Using DNA to expand your tree

I have taken a few DNA tests over the last number of years. One reason being that I lost my mother as a child and my father in my 20s and, coupled with not having any siblings, DNA tests have help me to reconstruct the family trees of my parents. 

I check my DNA matches quite regularly and I recently discovered a close match. Looking at their family tree, I could see that our grandmothers in Galway were sisters. It’s always a good idea to contact matches but sometimes they may not reply - some people take tests to find out their ethnicity, or because they are curious to see the results without being interested in family history, and others take them for health reasons. 

My match took the test out of curiosity so it was lovely when she replied.  She told me that she lives in Canada and after a few emails we started exchanging photos. She sent me one photo of a lady whom her mother told her was her great grandmother but she couldn’t remember which side of her family this lady came from. I contacted my 100 year old aunt, through my cousin, who immediately said ‘Grandma’ when she saw the photo. Both my newly found cousin and myself were thrilled that we had identified our mutual great grandmother.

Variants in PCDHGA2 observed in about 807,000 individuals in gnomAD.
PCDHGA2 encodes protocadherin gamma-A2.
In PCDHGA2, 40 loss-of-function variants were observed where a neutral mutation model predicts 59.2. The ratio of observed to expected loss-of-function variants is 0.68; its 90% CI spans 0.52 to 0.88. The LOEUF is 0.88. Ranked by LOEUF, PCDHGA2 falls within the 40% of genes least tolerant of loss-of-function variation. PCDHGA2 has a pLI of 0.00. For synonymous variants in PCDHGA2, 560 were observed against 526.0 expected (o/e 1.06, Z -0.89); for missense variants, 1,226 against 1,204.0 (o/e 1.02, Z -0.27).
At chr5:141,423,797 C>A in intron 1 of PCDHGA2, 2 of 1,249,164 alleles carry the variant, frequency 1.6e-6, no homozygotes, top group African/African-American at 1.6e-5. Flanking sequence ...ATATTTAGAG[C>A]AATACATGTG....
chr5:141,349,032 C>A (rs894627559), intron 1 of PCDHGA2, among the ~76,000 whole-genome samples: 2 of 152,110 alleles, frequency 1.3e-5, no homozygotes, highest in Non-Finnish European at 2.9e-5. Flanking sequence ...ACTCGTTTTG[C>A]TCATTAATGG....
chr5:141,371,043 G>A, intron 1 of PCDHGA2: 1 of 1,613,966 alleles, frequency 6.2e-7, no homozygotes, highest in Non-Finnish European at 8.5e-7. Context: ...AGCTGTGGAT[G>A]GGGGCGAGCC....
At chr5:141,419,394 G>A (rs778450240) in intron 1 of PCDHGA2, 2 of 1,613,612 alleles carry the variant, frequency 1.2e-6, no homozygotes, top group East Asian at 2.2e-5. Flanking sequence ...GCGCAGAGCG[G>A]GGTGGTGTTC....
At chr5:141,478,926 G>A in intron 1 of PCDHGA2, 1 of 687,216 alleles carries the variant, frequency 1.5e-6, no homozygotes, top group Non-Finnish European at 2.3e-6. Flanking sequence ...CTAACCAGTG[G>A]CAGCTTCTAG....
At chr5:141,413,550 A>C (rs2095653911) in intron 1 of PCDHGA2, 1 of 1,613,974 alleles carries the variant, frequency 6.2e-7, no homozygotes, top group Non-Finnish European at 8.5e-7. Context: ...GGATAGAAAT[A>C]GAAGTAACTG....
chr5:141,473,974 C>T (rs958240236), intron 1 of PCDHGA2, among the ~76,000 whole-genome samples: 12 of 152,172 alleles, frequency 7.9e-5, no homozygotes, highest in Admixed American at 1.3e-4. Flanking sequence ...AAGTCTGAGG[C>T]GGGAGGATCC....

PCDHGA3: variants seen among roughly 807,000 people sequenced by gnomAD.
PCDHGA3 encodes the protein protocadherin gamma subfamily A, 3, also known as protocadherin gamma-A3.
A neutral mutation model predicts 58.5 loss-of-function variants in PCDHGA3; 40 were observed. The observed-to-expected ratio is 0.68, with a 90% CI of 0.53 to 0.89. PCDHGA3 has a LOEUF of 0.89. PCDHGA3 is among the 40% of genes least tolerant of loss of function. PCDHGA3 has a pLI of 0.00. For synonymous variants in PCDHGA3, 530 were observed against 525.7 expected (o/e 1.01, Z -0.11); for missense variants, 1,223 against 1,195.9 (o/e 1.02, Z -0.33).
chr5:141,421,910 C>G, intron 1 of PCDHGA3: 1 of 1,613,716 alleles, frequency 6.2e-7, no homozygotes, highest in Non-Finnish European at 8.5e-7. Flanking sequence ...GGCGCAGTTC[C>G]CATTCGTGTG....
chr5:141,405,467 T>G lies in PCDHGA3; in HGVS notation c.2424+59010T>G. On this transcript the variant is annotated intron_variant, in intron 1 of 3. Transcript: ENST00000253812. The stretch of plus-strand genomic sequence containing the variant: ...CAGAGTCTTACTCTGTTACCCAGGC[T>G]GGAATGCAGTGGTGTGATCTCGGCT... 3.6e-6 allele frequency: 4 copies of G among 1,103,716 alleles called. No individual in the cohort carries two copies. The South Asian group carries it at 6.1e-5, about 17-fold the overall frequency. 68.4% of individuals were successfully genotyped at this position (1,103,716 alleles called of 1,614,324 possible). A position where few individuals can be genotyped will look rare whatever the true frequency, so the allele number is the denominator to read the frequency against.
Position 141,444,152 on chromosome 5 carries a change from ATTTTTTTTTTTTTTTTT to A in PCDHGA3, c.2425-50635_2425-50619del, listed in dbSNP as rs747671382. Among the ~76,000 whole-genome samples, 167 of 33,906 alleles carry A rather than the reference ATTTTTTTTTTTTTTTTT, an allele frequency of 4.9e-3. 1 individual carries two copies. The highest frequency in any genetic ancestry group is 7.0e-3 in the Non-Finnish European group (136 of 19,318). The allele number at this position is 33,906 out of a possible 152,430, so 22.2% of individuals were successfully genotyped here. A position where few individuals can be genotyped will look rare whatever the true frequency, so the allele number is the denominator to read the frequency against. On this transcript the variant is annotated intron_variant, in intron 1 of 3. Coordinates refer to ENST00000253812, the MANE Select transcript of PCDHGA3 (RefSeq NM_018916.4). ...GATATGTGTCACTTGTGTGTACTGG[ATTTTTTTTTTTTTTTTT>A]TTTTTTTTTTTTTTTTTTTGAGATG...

DNA can give you so much more than a genetic match, and I now have a photo of my great grandmother! It is always a good idea to add a basic tree to your DNA - e.g. one of your direct ancestors and, as shown, can help to contact your matches and reply to queries when they contact you. You never know what it may throw up!

 

Photo: Mary Callinan, the mutual great-grandmother of Maura Flood and Maura Good*
 

Photo: Maura Good with husband and children*
 

Photo: Maura Good with husband, children and grandchildren*
 

 

*Photos used by kind permission of Maura Good

 

By Maura Flood

 


By Caitlin Bain

Comments

8 months ago

Great research tip Maura and so interesting to hear how you have connected with other family members.


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